10 months ago
As we get closer to the hackathon next month, here are all of the non-profits that will be there!
|Arizona Council on Economic Education (ACEE)||azecon.org||ACEE is a 501(c)(3) nonprofit organization established in 1973, dedicated to improving economic and personal financial literacy in Arizona. ACEE is the author of Arizona K-12 Economic Education Academic Standards and the only organization in Arizona which: provides teacher professional development in teaching personal finance and economics; has a strong, affiliated academic base with universities and community colleges; and distributes proven independent economic education curriculum resources to schools free of charge. ACEE works closely with many private and public organizations, including the Arizona Department of Education and the Federal Reserve Banks.
ACEE’s mission is to empower teachers and educate students so that all school-aged children grow up to become economically and financially responsible employees, parents, citizens and leaders in the future.
ACEE has served more than 1,000 schools in 104 cities in the state of Arizona, training 1,500 teachers, and reaching 200,000 students annually.
|Arizonans for Children, Inc.||arizonansforchildren.org||Arizonans for Children was founded in 2002 to provide services and solutions for children in foster care. We have 2 visitation centers that allow children in foster care to spend time with their parents and siblings in a supervised environment. Our centers are set up to provide a fun, engaging and safe space for visits to happen. Each center has between 700-1000 families a week come for visits.
Arizonans for Children also has a STEM class for kids in foster care using Raspberry Pi technology. It is a 4 week class held on Saturdays from 11:30-1:30 where we introduce the kids to basic coding and programming, have a class specific to internet safety and security then after the last class the kids get to take their complete computer system with them. We have found that most children in foster care do no have access to technology and this allows them the ability to do homework and explore a future in technology.
Some of the other classes and programs we offer are woodworking through our Believe & Achieve program, cooking classes and financial literacy programs.
We have a Tutor/Mentor program that matches volunteers from the community with school age children in foster care to mentor the kids for 8 hours a month with a 1 year commitment to the child. Mentors pick the children up from their foster placement and take them out in to the community to places like the park and library. Mentors become the one consistent person in the child's life. We have seen marked improvement in kids with mentors with their grades, their attendance in school, their behavior improves but most importantly their self esteem and self worth improve.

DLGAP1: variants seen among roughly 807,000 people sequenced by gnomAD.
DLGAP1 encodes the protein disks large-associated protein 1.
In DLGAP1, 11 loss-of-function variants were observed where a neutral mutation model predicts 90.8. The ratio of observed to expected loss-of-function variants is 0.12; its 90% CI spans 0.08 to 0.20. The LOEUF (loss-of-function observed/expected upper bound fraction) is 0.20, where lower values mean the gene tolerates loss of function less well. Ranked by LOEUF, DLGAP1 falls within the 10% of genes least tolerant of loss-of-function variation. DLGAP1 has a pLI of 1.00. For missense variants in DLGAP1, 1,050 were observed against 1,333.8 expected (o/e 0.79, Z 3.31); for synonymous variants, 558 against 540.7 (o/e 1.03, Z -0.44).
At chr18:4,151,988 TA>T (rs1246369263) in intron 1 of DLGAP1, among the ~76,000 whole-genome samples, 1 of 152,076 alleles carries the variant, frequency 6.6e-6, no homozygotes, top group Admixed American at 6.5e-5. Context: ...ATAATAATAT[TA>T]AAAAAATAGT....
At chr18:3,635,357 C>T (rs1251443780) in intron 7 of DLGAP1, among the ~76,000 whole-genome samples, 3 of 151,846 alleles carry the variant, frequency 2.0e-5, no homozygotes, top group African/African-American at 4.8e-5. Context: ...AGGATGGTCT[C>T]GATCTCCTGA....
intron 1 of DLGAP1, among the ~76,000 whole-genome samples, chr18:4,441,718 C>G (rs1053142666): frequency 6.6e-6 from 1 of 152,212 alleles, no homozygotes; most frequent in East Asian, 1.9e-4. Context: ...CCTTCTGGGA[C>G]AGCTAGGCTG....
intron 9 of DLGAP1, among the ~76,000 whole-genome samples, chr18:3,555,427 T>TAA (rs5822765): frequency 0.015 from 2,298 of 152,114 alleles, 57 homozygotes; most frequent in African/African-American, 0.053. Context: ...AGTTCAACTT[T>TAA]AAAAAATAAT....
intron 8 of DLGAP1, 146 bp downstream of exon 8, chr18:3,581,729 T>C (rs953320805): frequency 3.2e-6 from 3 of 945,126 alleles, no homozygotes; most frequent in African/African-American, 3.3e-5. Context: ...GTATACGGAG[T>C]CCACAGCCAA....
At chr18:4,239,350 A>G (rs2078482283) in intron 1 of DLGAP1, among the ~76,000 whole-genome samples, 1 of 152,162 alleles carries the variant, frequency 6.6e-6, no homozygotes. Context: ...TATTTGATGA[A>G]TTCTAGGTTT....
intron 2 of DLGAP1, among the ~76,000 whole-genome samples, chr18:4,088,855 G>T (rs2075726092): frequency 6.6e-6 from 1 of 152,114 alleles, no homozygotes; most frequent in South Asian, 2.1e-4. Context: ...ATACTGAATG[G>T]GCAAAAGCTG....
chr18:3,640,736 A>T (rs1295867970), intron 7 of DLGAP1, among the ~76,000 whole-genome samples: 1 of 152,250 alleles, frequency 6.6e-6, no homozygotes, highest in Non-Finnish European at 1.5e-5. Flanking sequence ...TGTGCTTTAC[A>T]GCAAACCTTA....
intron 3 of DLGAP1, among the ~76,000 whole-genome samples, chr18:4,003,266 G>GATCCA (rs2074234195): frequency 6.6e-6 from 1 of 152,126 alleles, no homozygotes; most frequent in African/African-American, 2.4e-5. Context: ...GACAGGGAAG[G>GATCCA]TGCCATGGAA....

Arizonans for Children has several special events throughout the year that are open to all children in foster care. These events include a Train Park Picnic, a Foster Festival with Enchanted Island Amusement Park and an annual Holiday Party.
|Matthew's Crossing Food Bank||matthewscrossing.org||
Matthew's Crossing Food Bank's mission is to provide food and other basic necessities to our neighbors in need and to unite our community in the fight against hunger. Our board, staff and volunteers strive to serve our clients with compassion so that they can preserve their dignity and have hope for a happier and healthier future.
1) emergency food boxes
2) holiday food boxes
3) Meals to Grow
4) Read to Grow
The emergency food assistance program is available to an individual who is seeking hunger relief. You can receive one emergency food box per month and that food box provides about 6 – 8 days of hunger relief. The holiday food box distribution is available to current clients around the Easter, Thanksgiving and Christmas holidays. The Meals to Grow program is a project designed to target fighting childhood hunger. Meals to Grow provides 500 backpacks each weekend during the school year to 500 students in the East Valley. Meals to Grow is also piloting on-school-site food closets at 2 high schools and 1 community college campuses.
|Sunshine Acres Children's Home||sunshineacres.org||Founded in 1954, Sunshine Acres has provided a home and cared for over 2000 children. We never turn a child away for financial reasons. We do not take Federal or State support for the care of our children. We currently have 80 children whose ages range from 4-18. After graduating from High School those children move to our Transitional Living program where they work on moving to vocational, community college, military, or university.|
|Joshua Tree Feeding Program||jtfp.org||
With arms outstretched, the goal of Joshua Tree Feeding Program is to provide nourishment to low-income HIV+ residents of Maricopa County. We provide balanced meals from our pantry as well as medical and community resources to encourage self-sustainability of our clients in a social, supportive and welcoming environment where privacy, cultural, spiritual and religious values are respected.